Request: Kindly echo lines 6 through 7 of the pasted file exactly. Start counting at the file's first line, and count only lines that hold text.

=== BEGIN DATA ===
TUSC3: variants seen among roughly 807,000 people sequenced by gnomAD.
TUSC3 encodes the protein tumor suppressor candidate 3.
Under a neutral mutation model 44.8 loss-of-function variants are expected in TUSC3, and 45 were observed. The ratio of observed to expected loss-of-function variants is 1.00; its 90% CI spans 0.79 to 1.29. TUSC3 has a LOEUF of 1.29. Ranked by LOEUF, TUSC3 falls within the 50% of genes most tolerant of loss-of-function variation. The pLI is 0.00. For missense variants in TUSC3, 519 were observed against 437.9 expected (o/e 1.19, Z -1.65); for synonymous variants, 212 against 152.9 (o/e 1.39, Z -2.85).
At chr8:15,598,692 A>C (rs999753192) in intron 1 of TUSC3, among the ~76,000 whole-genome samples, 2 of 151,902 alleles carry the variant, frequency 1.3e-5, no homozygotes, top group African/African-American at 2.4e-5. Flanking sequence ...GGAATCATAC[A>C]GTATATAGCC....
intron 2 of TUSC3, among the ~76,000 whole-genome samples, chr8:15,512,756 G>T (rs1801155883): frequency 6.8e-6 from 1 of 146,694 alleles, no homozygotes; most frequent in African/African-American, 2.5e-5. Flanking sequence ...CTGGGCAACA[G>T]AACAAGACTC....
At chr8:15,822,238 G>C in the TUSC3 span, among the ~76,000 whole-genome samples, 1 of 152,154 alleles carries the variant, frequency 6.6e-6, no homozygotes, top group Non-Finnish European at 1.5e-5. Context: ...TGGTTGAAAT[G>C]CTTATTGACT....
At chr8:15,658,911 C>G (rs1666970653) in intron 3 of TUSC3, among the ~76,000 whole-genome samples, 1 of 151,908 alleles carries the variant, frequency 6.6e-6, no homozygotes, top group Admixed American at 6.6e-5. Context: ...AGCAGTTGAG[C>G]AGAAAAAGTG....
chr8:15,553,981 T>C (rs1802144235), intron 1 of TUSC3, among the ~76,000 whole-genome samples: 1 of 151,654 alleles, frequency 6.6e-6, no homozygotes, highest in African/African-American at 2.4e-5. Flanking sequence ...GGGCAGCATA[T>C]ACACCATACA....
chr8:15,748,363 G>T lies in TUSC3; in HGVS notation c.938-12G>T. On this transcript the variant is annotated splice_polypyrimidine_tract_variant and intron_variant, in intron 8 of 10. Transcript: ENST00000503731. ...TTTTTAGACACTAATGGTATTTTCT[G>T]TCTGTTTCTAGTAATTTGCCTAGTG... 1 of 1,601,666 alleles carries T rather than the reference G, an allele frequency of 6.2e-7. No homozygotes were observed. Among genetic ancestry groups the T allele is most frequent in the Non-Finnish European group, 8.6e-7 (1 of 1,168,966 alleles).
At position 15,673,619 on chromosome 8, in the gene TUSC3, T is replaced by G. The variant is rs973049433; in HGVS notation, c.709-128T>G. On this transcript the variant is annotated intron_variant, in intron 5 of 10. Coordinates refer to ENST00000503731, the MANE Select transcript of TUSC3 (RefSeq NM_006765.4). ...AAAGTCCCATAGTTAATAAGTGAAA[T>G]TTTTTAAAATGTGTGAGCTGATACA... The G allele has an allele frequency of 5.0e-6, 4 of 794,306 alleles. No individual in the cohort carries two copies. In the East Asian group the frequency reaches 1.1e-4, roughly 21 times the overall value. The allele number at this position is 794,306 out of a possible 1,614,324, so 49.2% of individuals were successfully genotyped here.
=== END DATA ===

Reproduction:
At chr8:15,822,238 G>C in the TUSC3 span, among the ~76,000 whole-genome samples, 1 of 152,154 alleles carries the variant, frequency 6.6e-6, no homozygotes, top group Non-Finnish European at 1.5e-5. Context: ...TGGTTGAAAT[G>C]CTTATTGACT....
At chr8:15,658,911 C>G (rs1666970653) in intron 3 of TUSC3, among the ~76,000 whole-genome samples, 1 of 151,908 alleles carries the variant, frequency 6.6e-6, no homozygotes, top group Admixed American at 6.6e-5. Context: ...AGCAGTTGAG[C>G]AGAAAAAGTG....